Letters in Limbo ~ July 15, 1928

FDS_654671To William Lyon Phelps
9 Avenue de l’Observatoire
Paris. July 15, 1928

Dear Phelps,

It is very pleasant to hear from you and I hope and believe that I shall be here when you pass. Strong and I keep planning to go somewhere, together or separately, in order to avoid the heat and idleness which have settled upon us here, but neither of us can think where to go. I admire your courage and that of Mrs. Phelps in going to Madrid in August. We might apply to it a story Strong likes to tell about a delegate’s description of the summer breezes of Chicago: that not content with coming out of the very mouth of hell, they had first blown over the State of Texas. For Texas read the plains of La Mancha, and you will know what awaits you.

Do drop me a line when you reach Paris, and we will arrange a meeting.

Yours ever,

G Santayana

From The Letters of George Santayana:  Book Four, 19281932.  Cambridge, MA: The MIT Press, 2003.
Location of manuscript: Beinecke Rare Book and Manuscript Library, Yale University, New Haven CT.

Letters in Limbo ~ July 14, 1933

santayanTo Daniel MacGhie Cory
Hotel Miramonti
Cortina d’Ampezzo, Italy. July 14, 1933

This veiled threat of discontinuing your allowance is not new on S.’s part: he has spoken to me in the same sense repeatedly; and the collapse of the dollar, added to a great fall in capital, will reduce his income, in Italian money, to perhaps half what it was. As he can’t very well give up his villa or motor, or take in boarders, he may be really compelled to dismiss you with his blessing. When he has talked of leaving you (for your own good, of course) to make your way in the world, I have always said that perhaps it might really be for your ultimate interest. I feel partly responsible for having kept you so long dangling, and I should do what I could to help you in any difficulty. After all, how long are S. and I likely to live? The important point for you is that he shouldn’t revoke the legacy in which you are concerned. There is a trick about it, even as it stands; but with the old value of the dollar it would probably and ultimately have provided you with an income sufficient for all your needs, especially if you remained unmarried. But if the dollar settles down to be half a dollar, or 66 cents, that prospect becomes less smiling. Still, that is the point that really matters: and I have besought S. not to rescind his arrangements in that particular: and when he last spoke to me about it, perhaps a year ago, he seemed definitely determined not to make any change. In order to keep him in this mood, it is in your interest to continue doing what you can to keep his conscience satisfied. You know his character as well as I do: in fact, better, perhaps; because until lately I took him so completely as a matter of course, and as a . . . thoroughly conscientious and just man, that I may not have seen to the bottom of the well. His attachments are not matters of personal affection . . . He has moments in which he is enthusiastic about you: but it is because he then imagines that you will fit in beautifully into his plan of work. He has never cared for anything but for his work, his health, and his duty: his health, because necessary to his work, and his work, perhaps, because necessary to make it an absolute duty to nurse his health. He loves you, he loves us all, when, and in so far as, we fall into this picture: otherwise he feels no bond. You are therefore always in real danger of being erased from the tables of the truly deserving.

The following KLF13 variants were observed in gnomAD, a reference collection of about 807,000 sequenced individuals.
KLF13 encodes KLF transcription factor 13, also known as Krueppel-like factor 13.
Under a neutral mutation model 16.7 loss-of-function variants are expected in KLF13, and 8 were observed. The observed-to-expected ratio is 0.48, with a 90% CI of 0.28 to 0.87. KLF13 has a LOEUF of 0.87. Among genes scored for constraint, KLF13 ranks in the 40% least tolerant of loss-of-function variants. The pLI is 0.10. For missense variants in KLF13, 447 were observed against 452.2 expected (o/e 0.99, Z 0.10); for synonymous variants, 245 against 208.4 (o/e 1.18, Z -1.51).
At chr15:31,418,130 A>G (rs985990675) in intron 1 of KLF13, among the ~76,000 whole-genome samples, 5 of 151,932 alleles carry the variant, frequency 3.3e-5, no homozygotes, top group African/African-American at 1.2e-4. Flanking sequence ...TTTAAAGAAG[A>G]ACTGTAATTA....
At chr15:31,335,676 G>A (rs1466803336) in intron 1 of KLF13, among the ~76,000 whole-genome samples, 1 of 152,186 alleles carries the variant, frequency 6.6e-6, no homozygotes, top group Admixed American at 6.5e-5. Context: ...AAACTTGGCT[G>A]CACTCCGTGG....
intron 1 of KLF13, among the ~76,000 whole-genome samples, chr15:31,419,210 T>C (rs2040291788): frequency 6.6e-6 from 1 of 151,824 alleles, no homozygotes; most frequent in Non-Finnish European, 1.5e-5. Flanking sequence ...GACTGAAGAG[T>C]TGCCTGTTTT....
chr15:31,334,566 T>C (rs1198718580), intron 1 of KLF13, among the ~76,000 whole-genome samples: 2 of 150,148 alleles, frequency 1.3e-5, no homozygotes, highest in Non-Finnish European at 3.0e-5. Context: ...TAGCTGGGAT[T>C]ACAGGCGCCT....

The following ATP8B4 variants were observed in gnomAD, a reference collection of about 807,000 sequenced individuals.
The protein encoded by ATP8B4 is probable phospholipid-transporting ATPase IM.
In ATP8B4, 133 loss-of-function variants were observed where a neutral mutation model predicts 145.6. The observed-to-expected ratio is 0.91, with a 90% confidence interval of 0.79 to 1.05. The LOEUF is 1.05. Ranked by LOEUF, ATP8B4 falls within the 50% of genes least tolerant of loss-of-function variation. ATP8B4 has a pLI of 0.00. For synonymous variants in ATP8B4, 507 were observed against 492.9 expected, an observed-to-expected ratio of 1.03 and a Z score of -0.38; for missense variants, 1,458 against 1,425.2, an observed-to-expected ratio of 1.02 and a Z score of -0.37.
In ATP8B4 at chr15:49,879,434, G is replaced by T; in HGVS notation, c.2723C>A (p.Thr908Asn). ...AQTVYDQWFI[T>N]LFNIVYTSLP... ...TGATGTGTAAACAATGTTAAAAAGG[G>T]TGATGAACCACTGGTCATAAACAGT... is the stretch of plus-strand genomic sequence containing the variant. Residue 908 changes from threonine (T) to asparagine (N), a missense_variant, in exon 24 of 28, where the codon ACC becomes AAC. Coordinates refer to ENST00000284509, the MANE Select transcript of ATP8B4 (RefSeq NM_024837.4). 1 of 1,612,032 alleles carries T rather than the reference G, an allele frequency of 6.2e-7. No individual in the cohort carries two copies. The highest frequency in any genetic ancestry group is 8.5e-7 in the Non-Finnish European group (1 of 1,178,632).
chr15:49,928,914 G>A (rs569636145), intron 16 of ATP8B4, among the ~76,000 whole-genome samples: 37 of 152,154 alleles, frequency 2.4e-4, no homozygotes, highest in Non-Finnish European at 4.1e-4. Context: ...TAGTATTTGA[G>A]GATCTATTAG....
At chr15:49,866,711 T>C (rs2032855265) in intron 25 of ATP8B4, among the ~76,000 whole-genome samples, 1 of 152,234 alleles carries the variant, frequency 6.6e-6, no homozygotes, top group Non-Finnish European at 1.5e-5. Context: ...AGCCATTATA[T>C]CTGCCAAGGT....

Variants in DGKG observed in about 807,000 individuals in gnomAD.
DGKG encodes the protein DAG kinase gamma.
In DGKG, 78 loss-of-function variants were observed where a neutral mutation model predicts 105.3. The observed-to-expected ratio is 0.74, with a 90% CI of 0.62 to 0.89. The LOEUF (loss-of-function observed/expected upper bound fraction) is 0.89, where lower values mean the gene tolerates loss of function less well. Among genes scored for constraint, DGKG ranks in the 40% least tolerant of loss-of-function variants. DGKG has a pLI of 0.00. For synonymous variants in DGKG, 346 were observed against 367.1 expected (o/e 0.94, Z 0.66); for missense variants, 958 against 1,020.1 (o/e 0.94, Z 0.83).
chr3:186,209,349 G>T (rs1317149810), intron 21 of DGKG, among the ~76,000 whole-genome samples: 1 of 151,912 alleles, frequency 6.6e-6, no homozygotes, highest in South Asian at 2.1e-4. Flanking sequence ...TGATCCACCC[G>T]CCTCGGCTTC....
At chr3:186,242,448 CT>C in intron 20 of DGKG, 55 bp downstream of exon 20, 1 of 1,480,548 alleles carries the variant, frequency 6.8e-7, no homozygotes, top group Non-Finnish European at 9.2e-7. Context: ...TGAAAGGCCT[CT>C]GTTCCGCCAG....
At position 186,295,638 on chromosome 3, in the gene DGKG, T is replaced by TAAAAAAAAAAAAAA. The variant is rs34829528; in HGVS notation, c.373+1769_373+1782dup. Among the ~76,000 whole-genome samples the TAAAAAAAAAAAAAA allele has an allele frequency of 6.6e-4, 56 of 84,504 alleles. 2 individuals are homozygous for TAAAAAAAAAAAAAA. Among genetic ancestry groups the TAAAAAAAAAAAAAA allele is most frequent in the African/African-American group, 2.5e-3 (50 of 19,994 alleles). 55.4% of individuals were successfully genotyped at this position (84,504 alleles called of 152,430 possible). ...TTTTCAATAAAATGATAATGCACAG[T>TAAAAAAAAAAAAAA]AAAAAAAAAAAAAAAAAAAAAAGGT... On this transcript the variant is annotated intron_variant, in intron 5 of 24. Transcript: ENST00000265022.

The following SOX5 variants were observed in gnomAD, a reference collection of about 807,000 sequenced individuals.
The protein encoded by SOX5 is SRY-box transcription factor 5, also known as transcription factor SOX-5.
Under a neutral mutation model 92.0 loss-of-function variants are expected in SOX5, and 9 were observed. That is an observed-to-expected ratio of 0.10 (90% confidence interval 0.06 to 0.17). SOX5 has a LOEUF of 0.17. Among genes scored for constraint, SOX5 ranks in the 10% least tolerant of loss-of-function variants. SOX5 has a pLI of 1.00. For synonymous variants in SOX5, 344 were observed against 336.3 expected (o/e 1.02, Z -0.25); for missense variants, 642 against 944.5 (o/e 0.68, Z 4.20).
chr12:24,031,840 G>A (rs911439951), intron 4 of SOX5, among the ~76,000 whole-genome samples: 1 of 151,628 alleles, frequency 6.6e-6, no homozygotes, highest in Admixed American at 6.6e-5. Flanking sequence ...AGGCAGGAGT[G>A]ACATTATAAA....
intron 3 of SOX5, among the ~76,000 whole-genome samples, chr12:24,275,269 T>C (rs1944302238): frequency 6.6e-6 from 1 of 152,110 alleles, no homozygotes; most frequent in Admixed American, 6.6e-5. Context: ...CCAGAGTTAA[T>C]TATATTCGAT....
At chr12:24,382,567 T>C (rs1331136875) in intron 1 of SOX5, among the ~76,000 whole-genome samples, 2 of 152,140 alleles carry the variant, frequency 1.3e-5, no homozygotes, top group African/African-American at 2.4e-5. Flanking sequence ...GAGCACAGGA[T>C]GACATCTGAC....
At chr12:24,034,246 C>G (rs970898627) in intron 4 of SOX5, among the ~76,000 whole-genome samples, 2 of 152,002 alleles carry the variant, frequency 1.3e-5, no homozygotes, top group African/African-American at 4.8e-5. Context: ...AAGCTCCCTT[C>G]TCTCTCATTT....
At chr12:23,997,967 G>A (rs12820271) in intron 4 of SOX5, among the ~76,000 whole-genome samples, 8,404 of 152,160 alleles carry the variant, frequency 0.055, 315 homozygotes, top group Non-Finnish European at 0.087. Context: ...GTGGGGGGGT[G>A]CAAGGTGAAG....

My nephew wrote the other day, saying that my income for the halfyear ending on the first of this month had been nearly $8000; even if the dollar should drop to 50 cents, or to the value of the Mexican or silver dollar which has always fascinated the democratic mind, provided American securities don’t depreciate further, I shall still have all that is requisite for keeping up my present way of life: and I could transfer something from my American capitalist income to my London bank-account, if my literary earnings are not enough to replenish the latter. It is probable, therefore, that I shall be able to keep sending you what I send at present, in any case: but the dream of wealth that visited me two or three years ago has vanished.

From The Letters of George Santayana:  Book Five, 1933-1936.  Cambridge, MA: The MIT Press, 2003.
Location of manuscript: Butler Library, Columbia University, New York NY.